26 October 2011

Harry Tarq : Does U.S. Foreign Policy Respect Human Life?

Libyan men and children queue up to view the corpse of Muammar Qaddafi. Photo from Getty Images.

U.S. foreign policy and
the respect for human life

By Harry Targ / The Rag Blog / October 26, 2011
"The Oriental doesn't put the same high price on life as does a Westerner...We value life and human dignity. They don't care about life and human dignity." -- Gen. William Westmoreland interviewed in Hearts and Minds (1974), a documentary about the Vietnam War.
This past week American politics took a peculiar turn. A new narrative about the Obama administration began to be systematically presented to the liberal media audience. Reviewing his three-year-old administration, the new construction is that on the national security front Obama is markedly more tough and effective than Republicans claim.

The brutal murder of Muammar Qaddafi by rebellious opponents on global television, followed by celebratory remarks by the president, his secretary of state, and other members of the administration, capped three years of U.S. violence on people of the Global South.

Many critics of Obama’s less than forceful advocacy of economic justice have shifted their focus to a frame of the president as resolute in protecting American national security in the face of a challenging world. They even have implied that Obama is more of a tough guy than his predecessor ever was.

What is the evidence for this? Frankly, President Obama has unleashed new variants of the U.S. killing machine. Violence against Asian, Middle Eastern, and African people has been visibly celebrated in public view. The numbers of victims killed may not be greater than that of prior administrations but the celebration of public murders seem to have increased.

Early in the Obama administration, the president made a decision to assassinate Somali pirates, pirates who had kidnapped westerners off the Horn of Africa. Last May, with the president’s diplomatic team staring at a television screen during a nail-biting meeting, Navy Seals invaded the compound housing Osama Bin Laden who was unceremoniously killed and dumped in the sea. The media highlighted Americans who celebrated this killing.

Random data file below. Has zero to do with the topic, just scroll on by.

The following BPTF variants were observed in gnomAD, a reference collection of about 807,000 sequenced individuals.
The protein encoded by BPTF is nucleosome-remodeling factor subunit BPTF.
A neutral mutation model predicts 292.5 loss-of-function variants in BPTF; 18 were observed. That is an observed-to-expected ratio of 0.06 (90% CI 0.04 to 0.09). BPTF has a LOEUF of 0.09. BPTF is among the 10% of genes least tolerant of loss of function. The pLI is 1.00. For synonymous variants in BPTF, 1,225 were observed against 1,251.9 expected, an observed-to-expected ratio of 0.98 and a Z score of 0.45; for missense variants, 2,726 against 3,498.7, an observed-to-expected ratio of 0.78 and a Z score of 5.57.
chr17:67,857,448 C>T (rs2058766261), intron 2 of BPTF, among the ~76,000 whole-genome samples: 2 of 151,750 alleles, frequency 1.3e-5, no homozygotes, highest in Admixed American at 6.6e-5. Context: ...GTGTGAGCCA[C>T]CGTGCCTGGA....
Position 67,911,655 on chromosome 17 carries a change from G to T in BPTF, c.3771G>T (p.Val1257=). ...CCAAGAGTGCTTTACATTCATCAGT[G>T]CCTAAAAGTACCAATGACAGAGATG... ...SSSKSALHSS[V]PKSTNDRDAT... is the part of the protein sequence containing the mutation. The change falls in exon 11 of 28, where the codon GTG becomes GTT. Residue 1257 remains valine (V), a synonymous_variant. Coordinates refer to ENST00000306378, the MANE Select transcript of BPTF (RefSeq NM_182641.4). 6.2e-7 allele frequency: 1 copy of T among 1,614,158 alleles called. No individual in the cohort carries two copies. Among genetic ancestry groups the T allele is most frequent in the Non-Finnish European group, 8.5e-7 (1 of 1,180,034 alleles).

Four months after the successful murder of Bin Laden, Obama’s crack team assassinated Anwar al-Awlaki, American citizen and alleged leader of Islamic terrorists, who threatened the United States. Abdul Rahman al-Awlaki, his teenage son, and others were summarily executed for crimes for which they had not been accused or tried.

In addition, President Obama agreed to work with allies, Great Britain and France, who held colonial empires in the Middle East and North Africa in the twentieth century. They mobilized a campaign in the United Nations to gain public legitimacy for military intervention in Libya to overthrow the long-time idiosyncratic leader, Qaddafi, whose tiny nation from time to time supported dissidents in the Arab and African worlds.

The initial claim was that the force, a NATO operation, would be humanitarian, saving the lives of those who were rebelling against the Libyan dictatorship.

The rebels, unlike the nonviolent activists in Tunisia and Egypt where western support was minimal, were armed, probably by the West, and launched a civil war against the regime. Then NATO air power was used for seven months to pound Libya until the Qaddafi military collapsed.